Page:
Verafin encourages “continuous improvement” throughout the entire organization, King said. Once a month, there are hackathons in which a team proposes a new product and has 24 hours to come up with a prototype. King said the benefits of such innovation radiate throughout the organization.

Verafin also has each of its divisions set its goals for the coming quarter, and detail those goals to the entire company. That means 30 teams, quarter after quarter, set higher standards for themselves and fight to meet those standards.

“People love it,” said King. “Do you know what they like about it? They love it because no one is telling them what their target will be. They’re setting it themselves.”

Much of the culture in Verafin rests on the employees setting their own standards, and having their performance assessed by their peers.

Rather than performance reviews set by managers, Verafin encourages peer reviews so everyone – even King himself – is assessed by other staff members.

The company aims to reward its employees, but not necessarily with cash. There are no performance-related compensation packages, even for the sales people. King said the sales team is paid well but not with commissions.

So how does it reward employees? The employees – sales people and others – compete to see who can make the most noise when they meet their quarterly targets. (King’s slides included photos of cowbells, fog horns, gongs and other instruments of mass dissonance the staff use.)

Any team hitting a target can celebrate by making all the noise they want. A big sale calls for a chain of high fives. That means every employee (as many as 200 people on any given day) line up and the sales person who scored the sale runs through the office high-fiving them.

There may be fewer than 200 people on some days because Verafin employees are allowed to work wherever they want, at home or at a coffee shop, as long as they meet their targets. Or they may be on vacation. Verafin does not track its employees’ vacation. “We’re talking about adults here,” said King simply.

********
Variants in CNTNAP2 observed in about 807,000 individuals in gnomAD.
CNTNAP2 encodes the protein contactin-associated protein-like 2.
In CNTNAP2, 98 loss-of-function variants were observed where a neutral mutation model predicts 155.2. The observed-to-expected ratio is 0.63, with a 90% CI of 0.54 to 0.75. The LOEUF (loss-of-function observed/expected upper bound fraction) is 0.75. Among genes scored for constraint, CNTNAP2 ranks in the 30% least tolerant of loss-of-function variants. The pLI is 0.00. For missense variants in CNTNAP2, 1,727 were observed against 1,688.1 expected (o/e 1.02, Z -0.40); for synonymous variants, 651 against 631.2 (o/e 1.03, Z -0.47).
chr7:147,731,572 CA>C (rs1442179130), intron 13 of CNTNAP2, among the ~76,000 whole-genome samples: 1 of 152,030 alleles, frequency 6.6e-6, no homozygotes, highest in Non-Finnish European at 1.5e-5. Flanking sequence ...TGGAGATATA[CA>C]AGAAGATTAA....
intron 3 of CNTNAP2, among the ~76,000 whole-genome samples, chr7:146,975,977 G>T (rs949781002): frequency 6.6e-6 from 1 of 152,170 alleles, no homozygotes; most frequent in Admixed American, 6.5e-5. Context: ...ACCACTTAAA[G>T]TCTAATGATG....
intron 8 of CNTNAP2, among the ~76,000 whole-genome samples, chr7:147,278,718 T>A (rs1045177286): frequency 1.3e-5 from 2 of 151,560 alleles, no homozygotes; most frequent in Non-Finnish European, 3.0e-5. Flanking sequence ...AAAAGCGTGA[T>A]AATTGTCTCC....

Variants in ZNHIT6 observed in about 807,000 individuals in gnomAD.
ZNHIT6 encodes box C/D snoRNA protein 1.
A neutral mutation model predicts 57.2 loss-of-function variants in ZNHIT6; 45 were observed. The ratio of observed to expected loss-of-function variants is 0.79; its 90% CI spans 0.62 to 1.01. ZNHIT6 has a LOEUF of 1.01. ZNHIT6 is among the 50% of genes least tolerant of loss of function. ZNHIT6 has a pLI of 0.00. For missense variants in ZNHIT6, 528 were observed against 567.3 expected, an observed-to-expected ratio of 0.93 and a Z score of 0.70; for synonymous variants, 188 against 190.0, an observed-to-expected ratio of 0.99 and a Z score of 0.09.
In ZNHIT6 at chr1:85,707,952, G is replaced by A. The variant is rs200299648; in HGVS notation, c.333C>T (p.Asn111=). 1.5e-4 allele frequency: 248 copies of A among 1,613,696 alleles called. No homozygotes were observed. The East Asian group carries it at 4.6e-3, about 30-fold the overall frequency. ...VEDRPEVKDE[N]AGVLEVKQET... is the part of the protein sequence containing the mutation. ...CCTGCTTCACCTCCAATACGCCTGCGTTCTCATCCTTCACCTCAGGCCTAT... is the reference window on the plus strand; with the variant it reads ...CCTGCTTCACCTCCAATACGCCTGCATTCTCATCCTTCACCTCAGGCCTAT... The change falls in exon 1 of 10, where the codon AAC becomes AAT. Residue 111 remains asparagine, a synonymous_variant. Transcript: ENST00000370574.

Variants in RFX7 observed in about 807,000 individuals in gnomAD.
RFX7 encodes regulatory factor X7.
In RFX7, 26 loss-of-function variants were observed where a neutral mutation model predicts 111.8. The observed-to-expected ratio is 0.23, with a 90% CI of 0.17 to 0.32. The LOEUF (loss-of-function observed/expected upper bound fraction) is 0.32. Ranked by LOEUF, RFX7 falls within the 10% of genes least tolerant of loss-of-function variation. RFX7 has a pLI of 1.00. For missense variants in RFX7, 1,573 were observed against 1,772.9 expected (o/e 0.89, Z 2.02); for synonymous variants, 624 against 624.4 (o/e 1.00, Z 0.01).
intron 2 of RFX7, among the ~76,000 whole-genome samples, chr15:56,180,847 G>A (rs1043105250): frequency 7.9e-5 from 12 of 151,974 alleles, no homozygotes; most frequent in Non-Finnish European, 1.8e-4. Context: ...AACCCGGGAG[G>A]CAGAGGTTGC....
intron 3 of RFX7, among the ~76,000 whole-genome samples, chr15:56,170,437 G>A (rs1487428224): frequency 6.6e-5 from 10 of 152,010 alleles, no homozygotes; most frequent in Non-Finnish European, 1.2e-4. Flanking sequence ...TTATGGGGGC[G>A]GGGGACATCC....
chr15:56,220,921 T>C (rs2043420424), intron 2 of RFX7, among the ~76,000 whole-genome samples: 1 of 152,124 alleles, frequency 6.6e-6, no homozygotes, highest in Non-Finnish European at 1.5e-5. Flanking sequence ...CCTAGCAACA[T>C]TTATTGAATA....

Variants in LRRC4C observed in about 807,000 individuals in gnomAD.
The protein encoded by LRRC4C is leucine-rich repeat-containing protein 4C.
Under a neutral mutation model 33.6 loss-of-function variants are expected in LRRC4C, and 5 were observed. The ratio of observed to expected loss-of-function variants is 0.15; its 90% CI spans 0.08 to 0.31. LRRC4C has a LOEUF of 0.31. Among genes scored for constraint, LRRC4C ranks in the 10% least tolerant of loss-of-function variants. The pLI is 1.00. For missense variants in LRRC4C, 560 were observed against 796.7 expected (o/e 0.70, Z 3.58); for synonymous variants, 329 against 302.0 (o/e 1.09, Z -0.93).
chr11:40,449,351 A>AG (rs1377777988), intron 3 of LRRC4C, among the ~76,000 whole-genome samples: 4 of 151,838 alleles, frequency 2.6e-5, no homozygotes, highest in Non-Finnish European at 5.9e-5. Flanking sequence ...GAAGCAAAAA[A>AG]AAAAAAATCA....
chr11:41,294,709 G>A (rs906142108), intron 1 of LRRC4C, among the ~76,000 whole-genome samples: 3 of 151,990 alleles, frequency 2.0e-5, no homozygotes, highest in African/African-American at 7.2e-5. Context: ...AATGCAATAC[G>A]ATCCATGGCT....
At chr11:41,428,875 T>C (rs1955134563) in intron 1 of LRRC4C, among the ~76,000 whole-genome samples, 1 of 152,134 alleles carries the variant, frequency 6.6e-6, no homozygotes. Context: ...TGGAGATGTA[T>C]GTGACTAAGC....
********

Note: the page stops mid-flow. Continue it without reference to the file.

King also said he and the company founders have had their own book club since they started the company. They read and discuss the same books to mine the ideas of leading business thinkers. “If you ever want to build something impressive, never, ever, ever stop reading,” said King, who is trained as an engineer. “If you stop reading, you’re done.”

Finally, King said his staff likes to have fun. The company has been known to clean out the nerf gun section of Toys R Us so the staff will have guns to play with. If he’s walking through the office and gets hit by a nerf dart in the side of the head, he just keeps walking because it’s just another day at Verafin.

As King delivers his speech, it’s necessary to keep reminding yourself that this is a company that successfully foils the world’s leading crime syndicates in their essential goal of laundering illicit funds. And the company that hands out nerf guns to its staff is good at fighting financial crime, as $30 million in revenue and a $60 million buy-in will attest.